Monzo phone number spoofed (scam call)

I’ve just received a text from ‘Monzo’ and then a call from Monzo’s number as on the back of my card who was nothig to do with Monzo. No one is answering the Monzo chat. The level of security and service is pathetic


Phone number spoofing

It’s an attempted scam, ignore it

If you notice any unusual transactions freeze your card immediately. In fact might be better to freeze it now until support get back to you


To add, it could happen with any bank (any phone number, really)

Nothing to do with how secure Monzo are


Also check to see if your email has been involved in any data breaches

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Monzo have not been compromised at all. Their number has been spoofed by the person calling you. They have no access to Monzo’s systems.


The latter point might be debatable (and it’s certainly not a good look if you can’t get a response when you’re worried about fraud) but as others have said, the text message and phone call that you have received could be “from” any bank.

It’s nothing that Monzo can manage - perhaps you’d like to write to your MP suggesting better regulation or funding for the police/regulator/telephony industry?


Fun fact. This industry already has the capability to put an end to this issue. They just don’t. Why? Profit.

It’ll always be a game of cat and mouse, but this is a very simple issue with a very simple, cheap, and easy to deploy solution.

There are some smart solutions banks could deploy to put a stop to these as well, particularly the app only banks. You have an app. Make use of it to verify a call.

ETA: just browsing through some Monzo FAQ pages, and it turns out Monzo already do use the app to verify a call is from them, by letting you know in app ahead of time that they’ll be calling you.

This is nice. Something to emphasise more I think given the current prevalence of scam calls.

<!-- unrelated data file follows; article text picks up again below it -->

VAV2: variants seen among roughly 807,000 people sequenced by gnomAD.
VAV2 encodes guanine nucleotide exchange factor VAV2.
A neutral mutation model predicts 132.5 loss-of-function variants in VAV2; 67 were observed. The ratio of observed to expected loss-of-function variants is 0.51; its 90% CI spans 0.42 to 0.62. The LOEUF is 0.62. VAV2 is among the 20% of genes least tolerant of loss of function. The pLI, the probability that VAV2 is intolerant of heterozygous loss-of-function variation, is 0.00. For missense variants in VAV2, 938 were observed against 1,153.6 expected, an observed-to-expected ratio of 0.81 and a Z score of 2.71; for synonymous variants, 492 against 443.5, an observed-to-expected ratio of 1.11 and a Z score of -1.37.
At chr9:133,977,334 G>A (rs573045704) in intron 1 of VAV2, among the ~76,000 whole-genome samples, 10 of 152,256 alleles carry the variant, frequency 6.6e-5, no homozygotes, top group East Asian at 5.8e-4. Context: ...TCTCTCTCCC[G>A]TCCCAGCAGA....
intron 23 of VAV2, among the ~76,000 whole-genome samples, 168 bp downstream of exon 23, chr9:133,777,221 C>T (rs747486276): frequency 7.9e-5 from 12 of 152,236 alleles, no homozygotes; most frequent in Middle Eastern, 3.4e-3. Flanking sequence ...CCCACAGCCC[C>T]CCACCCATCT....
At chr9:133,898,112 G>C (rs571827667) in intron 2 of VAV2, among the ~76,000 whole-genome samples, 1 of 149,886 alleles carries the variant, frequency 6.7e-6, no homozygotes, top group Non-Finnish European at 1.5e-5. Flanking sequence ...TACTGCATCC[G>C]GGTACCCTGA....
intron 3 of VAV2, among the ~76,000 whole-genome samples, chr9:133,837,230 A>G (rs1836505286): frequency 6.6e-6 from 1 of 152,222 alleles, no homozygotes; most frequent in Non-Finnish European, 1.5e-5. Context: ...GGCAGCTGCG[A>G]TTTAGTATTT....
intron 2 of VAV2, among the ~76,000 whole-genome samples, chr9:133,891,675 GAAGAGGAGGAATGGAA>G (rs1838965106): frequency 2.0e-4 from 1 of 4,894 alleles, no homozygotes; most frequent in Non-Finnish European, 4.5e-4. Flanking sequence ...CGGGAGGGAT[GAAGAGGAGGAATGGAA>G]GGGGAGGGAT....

Tell us more!

Intuitively it doesn’t seem like anything that would be technically impossible. I wonder why the government / regulators aren’t stepping in?

I don’t think it’d really help in this case though. The victim gets a call, nothing in the app. The fraudsters have a script that explains why that doesn’t happen. Doesn’t feel like much of a protection.

That said, I’d much rather it over the horrendous security practice of calling customers then insisting they give out security details. The person calling must be the one to identify themselves!


Are you looking for an insomnia cure?

Good news, ofcom has a report that can help

Stir/Shaken is the possible solution


They’re getting James Bond on it?!


I’m just glad it’s not yet another stupid acronym that I will inevitably get jumbled up

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I’ll do my best! I should preface by saying this is not actually my field, although it’s very similar and I do have some experience with managing PSTN and VOIP, the latter becoming cheaper and more widely available allowing for the increase in spoofed calls.

The simplest method to mitigate these calls is to make use of whitelisting and blacklisting rules. Another method is for a service to screen incoming calls in order to try to validate if the call is genuine or not. Usually with spoofed calls, they’re automated and there isn’t actually a human on the end waiting for you to answer. Screening shuts those down.